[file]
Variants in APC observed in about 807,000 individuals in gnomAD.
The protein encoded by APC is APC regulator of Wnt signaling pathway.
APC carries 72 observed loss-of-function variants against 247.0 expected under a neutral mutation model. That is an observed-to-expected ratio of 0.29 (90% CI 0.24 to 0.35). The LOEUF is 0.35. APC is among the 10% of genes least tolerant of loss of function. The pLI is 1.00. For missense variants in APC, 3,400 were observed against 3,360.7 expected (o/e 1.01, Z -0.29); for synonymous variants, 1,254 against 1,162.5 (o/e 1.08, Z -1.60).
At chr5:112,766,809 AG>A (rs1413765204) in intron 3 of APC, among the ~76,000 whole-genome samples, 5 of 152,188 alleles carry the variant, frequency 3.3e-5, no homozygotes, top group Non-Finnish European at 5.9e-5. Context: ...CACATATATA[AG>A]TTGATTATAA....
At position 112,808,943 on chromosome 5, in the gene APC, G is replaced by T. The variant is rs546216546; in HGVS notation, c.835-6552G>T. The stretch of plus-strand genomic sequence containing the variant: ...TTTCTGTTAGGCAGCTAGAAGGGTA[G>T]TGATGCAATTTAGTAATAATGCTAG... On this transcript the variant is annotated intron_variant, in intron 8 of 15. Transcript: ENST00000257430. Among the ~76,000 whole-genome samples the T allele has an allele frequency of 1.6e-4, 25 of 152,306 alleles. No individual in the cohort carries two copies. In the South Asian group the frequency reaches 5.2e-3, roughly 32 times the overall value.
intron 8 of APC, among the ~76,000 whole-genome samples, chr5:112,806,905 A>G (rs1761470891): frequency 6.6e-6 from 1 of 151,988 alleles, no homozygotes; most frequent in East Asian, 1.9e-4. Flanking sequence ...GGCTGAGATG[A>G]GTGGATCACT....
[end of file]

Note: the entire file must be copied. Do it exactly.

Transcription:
Variants in APC observed in about 807,000 individuals in gnomAD.
The protein encoded by APC is APC regulator of Wnt signaling pathway.
APC carries 72 observed loss-of-function variants against 247.0 expected under a neutral mutation model. That is an observed-to-expected ratio of 0.29 (90% CI 0.24 to 0.35). The LOEUF is 0.35. APC is among the 10% of genes least tolerant of loss of function. The pLI is 1.00. For missense variants in APC, 3,400 were observed against 3,360.7 expected (o/e 1.01, Z -0.29); for synonymous variants, 1,254 against 1,162.5 (o/e 1.08, Z -1.60).
At chr5:112,766,809 AG>A (rs1413765204) in intron 3 of APC, among the ~76,000 whole-genome samples, 5 of 152,188 alleles carry the variant, frequency 3.3e-5, no homozygotes, top group Non-Finnish European at 5.9e-5. Context: ...CACATATATA[AG>A]TTGATTATAA....
At position 112,808,943 on chromosome 5, in the gene APC, G is replaced by T. The variant is rs546216546; in HGVS notation, c.835-6552G>T. The stretch of plus-strand genomic sequence containing the variant: ...TTTCTGTTAGGCAGCTAGAAGGGTA[G>T]TGATGCAATTTAGTAATAATGCTAG... On this transcript the variant is annotated intron_variant, in intron 8 of 15. Transcript: ENST00000257430. Among the ~76,000 whole-genome samples the T allele has an allele frequency of 1.6e-4, 25 of 152,306 alleles. No individual in the cohort carries two copies. In the South Asian group the frequency reaches 5.2e-3, roughly 32 times the overall value.
intron 8 of APC, among the ~76,000 whole-genome samples, chr5:112,806,905 A>G (rs1761470891): frequency 6.6e-6 from 1 of 151,988 alleles, no homozygotes; most frequent in East Asian, 1.9e-4. Flanking sequence ...GGCTGAGATG[A>G]GTGGATCACT....